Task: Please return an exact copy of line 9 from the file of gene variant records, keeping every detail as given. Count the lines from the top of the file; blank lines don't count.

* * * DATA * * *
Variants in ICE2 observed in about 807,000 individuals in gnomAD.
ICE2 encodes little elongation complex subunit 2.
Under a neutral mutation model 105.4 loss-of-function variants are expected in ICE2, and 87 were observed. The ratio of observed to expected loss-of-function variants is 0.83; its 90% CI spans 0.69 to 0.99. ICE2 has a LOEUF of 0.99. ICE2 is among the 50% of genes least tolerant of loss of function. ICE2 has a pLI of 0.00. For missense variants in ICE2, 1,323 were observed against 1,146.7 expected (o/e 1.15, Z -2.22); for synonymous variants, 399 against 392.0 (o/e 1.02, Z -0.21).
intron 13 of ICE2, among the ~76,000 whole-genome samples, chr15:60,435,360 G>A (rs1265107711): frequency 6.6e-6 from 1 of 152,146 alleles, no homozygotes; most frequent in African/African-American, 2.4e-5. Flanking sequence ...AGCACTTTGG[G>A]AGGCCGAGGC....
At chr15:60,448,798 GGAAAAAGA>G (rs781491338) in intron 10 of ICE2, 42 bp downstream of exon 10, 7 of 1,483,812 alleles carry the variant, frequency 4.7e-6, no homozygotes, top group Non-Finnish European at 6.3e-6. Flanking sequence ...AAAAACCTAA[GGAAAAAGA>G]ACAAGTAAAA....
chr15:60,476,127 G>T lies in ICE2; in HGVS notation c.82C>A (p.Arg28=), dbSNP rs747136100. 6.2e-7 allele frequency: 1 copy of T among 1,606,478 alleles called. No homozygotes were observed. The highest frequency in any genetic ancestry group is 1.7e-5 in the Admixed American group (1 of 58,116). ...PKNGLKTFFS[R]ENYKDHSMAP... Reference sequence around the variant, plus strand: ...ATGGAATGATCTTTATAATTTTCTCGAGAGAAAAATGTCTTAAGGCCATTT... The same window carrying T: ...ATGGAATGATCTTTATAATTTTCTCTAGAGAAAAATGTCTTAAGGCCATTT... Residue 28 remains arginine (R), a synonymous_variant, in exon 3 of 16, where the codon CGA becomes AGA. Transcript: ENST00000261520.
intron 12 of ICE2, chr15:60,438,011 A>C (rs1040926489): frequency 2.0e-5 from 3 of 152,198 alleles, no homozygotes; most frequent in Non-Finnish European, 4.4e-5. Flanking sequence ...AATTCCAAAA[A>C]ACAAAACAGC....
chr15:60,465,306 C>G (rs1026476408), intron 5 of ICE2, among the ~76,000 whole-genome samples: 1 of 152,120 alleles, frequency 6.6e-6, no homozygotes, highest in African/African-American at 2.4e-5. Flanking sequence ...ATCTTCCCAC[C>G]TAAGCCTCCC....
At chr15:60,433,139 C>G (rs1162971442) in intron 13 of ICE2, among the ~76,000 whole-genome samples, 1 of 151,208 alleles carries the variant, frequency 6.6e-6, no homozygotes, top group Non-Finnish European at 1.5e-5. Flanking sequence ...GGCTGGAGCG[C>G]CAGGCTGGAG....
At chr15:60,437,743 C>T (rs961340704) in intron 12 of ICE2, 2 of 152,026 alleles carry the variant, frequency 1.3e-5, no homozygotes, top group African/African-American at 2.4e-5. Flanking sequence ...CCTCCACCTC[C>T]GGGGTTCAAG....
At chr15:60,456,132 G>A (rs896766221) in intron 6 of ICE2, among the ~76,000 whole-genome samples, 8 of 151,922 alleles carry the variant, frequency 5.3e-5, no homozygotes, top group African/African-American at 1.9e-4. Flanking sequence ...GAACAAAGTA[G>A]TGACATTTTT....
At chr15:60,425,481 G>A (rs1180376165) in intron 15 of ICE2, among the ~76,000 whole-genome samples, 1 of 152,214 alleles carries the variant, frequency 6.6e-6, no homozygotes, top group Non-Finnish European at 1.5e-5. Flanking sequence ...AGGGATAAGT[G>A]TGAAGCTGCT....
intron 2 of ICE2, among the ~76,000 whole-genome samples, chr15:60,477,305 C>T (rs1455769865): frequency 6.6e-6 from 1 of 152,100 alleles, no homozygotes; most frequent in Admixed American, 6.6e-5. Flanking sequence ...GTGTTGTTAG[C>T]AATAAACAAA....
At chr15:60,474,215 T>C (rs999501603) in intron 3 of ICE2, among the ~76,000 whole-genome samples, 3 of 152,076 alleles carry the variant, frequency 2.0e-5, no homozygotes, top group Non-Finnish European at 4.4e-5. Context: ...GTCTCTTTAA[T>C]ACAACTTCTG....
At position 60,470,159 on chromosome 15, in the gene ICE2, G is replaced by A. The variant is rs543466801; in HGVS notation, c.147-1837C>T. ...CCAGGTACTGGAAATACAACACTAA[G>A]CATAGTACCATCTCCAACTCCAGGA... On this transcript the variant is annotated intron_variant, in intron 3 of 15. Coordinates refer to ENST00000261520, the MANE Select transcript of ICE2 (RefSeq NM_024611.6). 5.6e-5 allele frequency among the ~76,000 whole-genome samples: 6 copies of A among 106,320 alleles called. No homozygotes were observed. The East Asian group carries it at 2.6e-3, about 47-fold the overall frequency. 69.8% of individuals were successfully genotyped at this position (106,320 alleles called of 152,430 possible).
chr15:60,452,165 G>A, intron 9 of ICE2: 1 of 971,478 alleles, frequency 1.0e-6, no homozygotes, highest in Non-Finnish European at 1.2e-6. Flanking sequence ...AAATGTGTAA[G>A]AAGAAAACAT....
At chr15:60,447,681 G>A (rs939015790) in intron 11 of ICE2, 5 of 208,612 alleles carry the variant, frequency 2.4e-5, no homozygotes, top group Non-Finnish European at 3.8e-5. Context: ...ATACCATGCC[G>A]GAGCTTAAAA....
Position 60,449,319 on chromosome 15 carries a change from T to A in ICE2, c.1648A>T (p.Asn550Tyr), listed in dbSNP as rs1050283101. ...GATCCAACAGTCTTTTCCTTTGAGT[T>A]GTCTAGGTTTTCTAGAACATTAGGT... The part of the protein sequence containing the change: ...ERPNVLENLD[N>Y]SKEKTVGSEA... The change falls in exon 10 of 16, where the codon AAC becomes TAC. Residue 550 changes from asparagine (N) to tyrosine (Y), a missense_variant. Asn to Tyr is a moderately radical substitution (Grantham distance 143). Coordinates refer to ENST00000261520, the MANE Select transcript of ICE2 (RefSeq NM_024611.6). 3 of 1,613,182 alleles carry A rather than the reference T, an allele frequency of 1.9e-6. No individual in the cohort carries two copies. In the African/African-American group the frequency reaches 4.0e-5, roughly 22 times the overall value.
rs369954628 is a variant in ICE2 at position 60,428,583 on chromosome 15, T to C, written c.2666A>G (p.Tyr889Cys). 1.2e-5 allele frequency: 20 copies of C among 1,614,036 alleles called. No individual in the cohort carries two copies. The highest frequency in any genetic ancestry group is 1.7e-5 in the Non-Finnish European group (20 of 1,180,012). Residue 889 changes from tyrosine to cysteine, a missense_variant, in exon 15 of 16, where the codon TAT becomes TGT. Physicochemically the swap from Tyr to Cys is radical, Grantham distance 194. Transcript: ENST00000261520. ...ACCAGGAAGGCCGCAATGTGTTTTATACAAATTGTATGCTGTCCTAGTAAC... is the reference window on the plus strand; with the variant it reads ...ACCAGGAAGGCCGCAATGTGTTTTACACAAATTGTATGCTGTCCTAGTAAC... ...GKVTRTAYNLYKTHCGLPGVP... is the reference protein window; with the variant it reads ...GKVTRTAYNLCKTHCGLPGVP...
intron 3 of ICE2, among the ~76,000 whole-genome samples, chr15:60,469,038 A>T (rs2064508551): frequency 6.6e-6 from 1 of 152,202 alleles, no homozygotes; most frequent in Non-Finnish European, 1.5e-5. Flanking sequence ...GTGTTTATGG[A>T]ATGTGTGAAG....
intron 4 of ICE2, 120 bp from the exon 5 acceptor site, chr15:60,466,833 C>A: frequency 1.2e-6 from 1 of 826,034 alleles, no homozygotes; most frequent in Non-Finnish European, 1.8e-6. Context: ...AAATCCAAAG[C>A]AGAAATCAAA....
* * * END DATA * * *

At chr15:60,433,139 C>G (rs1162971442) in intron 13 of ICE2, among the ~76,000 whole-genome samples, 1 of 151,208 alleles carries the variant, frequency 6.6e-6, no homozygotes, top group Non-Finnish European at 1.5e-5. Flanking sequence ...GGCTGGAGCG[C>G]CAGGCTGGAG....